||Advanced System Theory
||Dr.ing. D. Jeltsema, Dr. J.W. van der Woude
|Contact Hours / Week x/x/x/x:
||Exam by appointment
In part I of this course the connection of linear system theory and convex optimization is illustrated. One of the key ingredients are the so-called Linear Matrix Inequalities, LMI’s for short. LMI’s can be treated efficiently by means of semi-definite programming techniques coming from convex optimization.
It turns out that many properties of linear systems, like stability, controllability, observability, etc., can be formulated in terms of LMI’s. Also the design of controllers satisfying stability and other constraints can be done efficiently using semi-definite programming and LMI’s. The first part of part I starts by recalling basic knowledge from linear system theory and placing it in the frame work of LMI’s.
A second topic in part I will be LQ optimal control and the introduction of dissipativity. Both topics are of crucial importance for system theory. LQ optimal control has a long and rich history, but is still important and applicable. Dissipativity also has a long history, but its applicability has increased in recent years by the event of new efficient algorithms to solve semi-definite programming problems.
The last topic in part I are system norms and the design of a controller such that the combined system behaves in a desired way specified in terms of its norm. To that end, the H∞ - and the H2 norm will be introduced. Also methods will be treated which it can be investigated whether a certain desired norm can be achieved, and how this then actually can be done by means of state or output feedback.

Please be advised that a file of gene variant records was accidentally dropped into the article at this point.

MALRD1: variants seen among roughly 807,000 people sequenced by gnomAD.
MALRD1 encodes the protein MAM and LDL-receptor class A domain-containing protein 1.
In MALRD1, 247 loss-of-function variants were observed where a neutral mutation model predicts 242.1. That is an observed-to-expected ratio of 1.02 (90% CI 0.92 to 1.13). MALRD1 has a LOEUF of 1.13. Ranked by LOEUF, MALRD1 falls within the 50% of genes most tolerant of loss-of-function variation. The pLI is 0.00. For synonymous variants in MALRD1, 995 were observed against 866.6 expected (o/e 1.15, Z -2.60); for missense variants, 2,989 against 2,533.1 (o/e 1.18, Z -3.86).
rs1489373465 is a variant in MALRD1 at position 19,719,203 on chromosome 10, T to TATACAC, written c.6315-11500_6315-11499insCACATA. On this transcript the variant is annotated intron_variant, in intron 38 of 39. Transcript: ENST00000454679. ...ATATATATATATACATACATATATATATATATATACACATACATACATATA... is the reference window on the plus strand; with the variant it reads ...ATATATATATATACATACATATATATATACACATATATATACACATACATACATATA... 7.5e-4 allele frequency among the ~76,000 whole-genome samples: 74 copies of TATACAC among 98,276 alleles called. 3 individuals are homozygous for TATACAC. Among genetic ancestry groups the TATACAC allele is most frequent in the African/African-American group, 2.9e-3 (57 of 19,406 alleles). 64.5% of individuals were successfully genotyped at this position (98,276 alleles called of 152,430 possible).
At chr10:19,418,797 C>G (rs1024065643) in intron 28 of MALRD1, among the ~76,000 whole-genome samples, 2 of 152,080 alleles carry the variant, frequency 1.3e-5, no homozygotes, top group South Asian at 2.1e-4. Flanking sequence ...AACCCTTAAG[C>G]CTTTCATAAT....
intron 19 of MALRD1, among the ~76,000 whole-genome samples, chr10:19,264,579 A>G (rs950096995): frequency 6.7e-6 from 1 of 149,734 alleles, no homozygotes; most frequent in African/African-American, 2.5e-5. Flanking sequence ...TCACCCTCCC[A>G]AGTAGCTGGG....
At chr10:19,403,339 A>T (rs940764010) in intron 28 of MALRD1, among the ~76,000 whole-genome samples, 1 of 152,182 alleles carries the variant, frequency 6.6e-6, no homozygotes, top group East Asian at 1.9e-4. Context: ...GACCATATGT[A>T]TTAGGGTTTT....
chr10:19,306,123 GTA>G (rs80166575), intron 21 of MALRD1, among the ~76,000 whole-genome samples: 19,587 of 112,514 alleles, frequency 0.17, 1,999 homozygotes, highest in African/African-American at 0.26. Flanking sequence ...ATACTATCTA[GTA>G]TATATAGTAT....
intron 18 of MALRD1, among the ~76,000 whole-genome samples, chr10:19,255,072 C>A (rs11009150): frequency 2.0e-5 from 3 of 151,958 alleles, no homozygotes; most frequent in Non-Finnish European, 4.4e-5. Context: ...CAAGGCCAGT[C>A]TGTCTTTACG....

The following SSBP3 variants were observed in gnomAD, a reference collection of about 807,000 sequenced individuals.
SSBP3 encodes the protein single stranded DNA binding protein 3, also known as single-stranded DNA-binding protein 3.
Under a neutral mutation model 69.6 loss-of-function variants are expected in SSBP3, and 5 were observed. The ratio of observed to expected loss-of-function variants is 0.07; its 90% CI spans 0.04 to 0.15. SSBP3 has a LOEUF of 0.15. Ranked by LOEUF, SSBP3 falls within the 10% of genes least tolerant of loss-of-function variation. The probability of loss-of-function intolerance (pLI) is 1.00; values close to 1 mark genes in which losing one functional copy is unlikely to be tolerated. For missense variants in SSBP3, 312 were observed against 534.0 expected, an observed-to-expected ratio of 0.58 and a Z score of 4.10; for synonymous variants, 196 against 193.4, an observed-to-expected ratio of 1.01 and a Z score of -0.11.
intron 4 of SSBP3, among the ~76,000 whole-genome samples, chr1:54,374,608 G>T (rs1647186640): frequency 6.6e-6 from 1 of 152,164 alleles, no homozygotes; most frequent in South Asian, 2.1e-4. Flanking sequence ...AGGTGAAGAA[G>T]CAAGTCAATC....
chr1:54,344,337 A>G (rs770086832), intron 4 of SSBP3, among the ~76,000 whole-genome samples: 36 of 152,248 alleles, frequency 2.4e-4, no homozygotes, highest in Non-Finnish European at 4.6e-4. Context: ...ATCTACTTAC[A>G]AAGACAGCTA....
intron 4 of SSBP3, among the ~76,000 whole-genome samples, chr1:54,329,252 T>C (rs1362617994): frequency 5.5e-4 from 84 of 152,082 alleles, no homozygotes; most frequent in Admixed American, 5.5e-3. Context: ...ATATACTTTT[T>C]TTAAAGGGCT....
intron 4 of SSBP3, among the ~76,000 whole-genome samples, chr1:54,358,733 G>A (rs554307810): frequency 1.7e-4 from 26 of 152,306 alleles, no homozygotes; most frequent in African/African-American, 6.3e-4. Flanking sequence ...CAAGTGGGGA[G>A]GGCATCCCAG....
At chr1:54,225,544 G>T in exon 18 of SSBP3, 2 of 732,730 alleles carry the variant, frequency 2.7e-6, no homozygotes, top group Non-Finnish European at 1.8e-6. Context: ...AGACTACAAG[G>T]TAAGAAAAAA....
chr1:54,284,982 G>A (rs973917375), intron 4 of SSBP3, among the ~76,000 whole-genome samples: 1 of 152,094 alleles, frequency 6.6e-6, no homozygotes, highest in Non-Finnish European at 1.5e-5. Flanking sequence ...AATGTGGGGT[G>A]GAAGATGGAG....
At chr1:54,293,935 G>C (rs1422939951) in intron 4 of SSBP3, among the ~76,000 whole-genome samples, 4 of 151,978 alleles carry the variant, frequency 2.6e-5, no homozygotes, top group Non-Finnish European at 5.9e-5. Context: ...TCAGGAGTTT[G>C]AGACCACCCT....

The first fundamental topic to be treated in part II of the course is concerned with the study of the system"s internal behavior via Lyapunov stability theory. The extension of Lyapunov stability theory to systems with inputs and outputs will be accomplished by the introduction of the concept of dissipative systems. The two main examples of dissipative systems are passive systems and nonlinear control systems having finite input-output L2-induced norm. Important results, such as the small-gain theorem, are highlighted and implications towards the stability analysis of large-scale physical systems, as well as to the robustness of stability with respect to unmodeled dynamics are discussed.
Another main topic concerns the extension of the controllability and observability concepts to nonlinear control systems. The key ingredients to analyze controllability of a nonlinear system are the so-called Lie brackets of the associated system vector fields. Observability can be analyzed by considering the (repeated) Lie derivatives of the output mapping with respect to the system vector fields. The necessary mathematical preliminaries are introduced during the lectures.
In the last part of the course, the problem of transforming a nonlinear control system by feedback transformations and the choice of state space coordinates into a linear control system is discussed. It turns out that for controllable systems an elegant ‘if and only if’ condition can be given, stated in terms of the involutivity of certain Lie bracket expressions of the system vector fields. Applications with respect to control problems such as tracking of desired output trajectories will be provided.
||Advance system theory deals with the extensions in /of linear system theory.
After the course the student will be familiar with the following topics.
• Convex optimization and linear matrix inequalities
• LQ optimal control and dissipativity
• Controller design and the H-infinity norm/H-2 norm
• Passive systems/ nonlinear control systems and the small-gain theorem
• Controllability/observability for nonlinear systems and Lie brackets
• Feedback linearization and involution